Coughs aren't usually serious and can be treated by a pharmacist. Your pharmacist may recommend that you contact your GP practice if required.
Most coughs clear up within three weeks and don't require any treatment. For more persistent coughs, it's a good idea to see your pharmacist first so they can investigate the symptoms. There may be times your pharmacist will advise you see your GP, such as when:
you've had a cough for more than three weeks
your cough is particularly severe
you cough up blood or experience shortness of breath, breathing difficulties or chest pain
you have any other worrying symptoms, such as unexplained weight loss, a persistent change in your voice, or lumps or swellings in your neck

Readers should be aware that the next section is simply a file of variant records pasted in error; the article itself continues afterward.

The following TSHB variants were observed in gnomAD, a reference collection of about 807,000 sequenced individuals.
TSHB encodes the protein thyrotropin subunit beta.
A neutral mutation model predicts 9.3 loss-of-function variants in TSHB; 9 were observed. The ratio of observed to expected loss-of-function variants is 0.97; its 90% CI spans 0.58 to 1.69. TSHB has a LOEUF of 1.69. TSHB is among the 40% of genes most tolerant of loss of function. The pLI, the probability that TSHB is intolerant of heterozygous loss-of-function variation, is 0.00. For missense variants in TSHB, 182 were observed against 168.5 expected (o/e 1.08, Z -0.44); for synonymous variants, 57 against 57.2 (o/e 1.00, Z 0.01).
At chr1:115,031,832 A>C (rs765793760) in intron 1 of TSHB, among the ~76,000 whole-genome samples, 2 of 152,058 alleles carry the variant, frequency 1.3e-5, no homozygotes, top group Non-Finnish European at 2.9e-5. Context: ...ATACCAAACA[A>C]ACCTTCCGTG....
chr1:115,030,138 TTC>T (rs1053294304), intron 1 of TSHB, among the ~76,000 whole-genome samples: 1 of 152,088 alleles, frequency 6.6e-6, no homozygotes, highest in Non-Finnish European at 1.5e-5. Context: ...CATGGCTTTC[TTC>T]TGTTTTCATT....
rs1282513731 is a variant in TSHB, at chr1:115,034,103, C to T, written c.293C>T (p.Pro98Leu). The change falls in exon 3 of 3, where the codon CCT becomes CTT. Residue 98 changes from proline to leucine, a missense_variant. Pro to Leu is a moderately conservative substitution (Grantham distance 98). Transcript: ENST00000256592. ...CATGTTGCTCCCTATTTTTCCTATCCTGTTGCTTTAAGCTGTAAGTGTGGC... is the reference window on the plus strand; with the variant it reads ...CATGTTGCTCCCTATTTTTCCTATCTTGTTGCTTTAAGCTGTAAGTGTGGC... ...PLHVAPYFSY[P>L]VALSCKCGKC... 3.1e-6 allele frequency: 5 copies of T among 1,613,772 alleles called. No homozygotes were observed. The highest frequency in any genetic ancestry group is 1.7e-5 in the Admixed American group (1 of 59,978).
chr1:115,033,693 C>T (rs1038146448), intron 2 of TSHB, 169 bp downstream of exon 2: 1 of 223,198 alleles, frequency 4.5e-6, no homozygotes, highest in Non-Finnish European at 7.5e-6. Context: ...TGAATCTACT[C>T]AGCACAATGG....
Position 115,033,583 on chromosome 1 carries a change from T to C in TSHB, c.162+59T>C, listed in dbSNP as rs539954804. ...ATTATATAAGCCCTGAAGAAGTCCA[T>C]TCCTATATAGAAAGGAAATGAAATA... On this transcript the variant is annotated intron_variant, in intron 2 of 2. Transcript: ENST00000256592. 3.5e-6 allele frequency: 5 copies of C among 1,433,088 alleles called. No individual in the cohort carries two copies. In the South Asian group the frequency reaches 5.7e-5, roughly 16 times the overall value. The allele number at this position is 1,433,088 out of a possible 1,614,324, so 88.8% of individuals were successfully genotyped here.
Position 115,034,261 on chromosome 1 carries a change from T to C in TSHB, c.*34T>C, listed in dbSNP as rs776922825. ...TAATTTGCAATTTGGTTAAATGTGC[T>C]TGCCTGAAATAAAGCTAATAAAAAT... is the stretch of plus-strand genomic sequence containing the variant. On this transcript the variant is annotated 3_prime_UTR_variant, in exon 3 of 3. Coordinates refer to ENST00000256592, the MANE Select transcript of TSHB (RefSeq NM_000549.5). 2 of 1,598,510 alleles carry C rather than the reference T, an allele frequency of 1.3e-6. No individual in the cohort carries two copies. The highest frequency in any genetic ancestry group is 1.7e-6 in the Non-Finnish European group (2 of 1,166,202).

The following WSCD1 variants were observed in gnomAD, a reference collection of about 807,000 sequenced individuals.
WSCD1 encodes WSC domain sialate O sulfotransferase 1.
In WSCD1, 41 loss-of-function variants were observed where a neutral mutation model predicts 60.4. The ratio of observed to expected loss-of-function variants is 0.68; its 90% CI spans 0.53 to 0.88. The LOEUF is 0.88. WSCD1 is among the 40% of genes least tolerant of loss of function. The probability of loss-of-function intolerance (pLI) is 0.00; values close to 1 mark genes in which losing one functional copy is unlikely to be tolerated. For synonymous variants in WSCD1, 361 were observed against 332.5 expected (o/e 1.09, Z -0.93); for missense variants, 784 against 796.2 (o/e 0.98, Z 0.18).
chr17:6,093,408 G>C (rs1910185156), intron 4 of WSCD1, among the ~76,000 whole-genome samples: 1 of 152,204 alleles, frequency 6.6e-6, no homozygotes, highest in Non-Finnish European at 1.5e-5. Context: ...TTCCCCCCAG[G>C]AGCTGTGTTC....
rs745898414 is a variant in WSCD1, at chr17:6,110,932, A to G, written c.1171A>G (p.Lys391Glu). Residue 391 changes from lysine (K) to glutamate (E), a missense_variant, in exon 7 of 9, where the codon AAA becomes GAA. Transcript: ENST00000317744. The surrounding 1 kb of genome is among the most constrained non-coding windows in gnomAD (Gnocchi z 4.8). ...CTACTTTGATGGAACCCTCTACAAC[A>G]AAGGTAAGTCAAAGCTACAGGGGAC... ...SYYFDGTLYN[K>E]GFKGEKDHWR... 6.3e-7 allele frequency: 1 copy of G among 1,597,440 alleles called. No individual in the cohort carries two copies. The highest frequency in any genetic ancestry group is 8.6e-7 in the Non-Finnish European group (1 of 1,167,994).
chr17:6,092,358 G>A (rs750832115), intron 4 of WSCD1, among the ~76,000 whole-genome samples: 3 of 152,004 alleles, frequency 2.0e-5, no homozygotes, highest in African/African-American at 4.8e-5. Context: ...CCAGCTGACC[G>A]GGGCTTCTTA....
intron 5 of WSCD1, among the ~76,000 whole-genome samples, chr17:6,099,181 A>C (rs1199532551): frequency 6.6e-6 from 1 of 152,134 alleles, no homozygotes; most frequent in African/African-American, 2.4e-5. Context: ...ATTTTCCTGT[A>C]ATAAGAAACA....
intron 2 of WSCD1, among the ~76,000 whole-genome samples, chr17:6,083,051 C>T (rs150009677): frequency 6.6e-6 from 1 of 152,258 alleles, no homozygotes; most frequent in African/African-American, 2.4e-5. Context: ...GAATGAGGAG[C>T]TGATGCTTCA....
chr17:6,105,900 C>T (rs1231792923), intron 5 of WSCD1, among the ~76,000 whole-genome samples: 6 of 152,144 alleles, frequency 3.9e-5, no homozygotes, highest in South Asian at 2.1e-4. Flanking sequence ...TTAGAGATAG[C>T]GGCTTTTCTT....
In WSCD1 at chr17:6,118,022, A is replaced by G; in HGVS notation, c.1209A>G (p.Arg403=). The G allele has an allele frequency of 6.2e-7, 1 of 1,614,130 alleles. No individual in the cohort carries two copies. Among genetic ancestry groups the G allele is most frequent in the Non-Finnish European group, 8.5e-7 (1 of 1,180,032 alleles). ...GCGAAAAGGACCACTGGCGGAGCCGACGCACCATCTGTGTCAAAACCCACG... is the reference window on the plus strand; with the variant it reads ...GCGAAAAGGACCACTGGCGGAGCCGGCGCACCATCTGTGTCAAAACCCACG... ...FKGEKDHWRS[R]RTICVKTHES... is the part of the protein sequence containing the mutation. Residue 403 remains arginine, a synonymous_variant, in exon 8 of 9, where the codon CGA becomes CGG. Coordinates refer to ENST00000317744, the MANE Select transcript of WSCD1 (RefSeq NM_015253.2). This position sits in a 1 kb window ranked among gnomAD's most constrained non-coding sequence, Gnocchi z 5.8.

If your GP is unsure what's causing your cough, they may refer you to a hospital specialist for an assessment. They may also request some tests, such as a chest X-ray, allergy tests, breathing tests, and an analysis of a sample of your phlegm to check for infection.
Treatment isn't always necessary for short-term coughs because it's likely to be a viral infection that will get better on its own within a few weeks. You can look after yourself at home by resting, drinking plenty of fluids, and taking painkillers such as paracetamol or ibuprofen.
Cough medicines and remedies
Although some people find them helpful, medicines that claim to suppress your cough or stop you bringing up phlegm are not usually recommended. This is because there's little evidence to suggest they're any better than simple home remedies, and they're not suitable for everyone.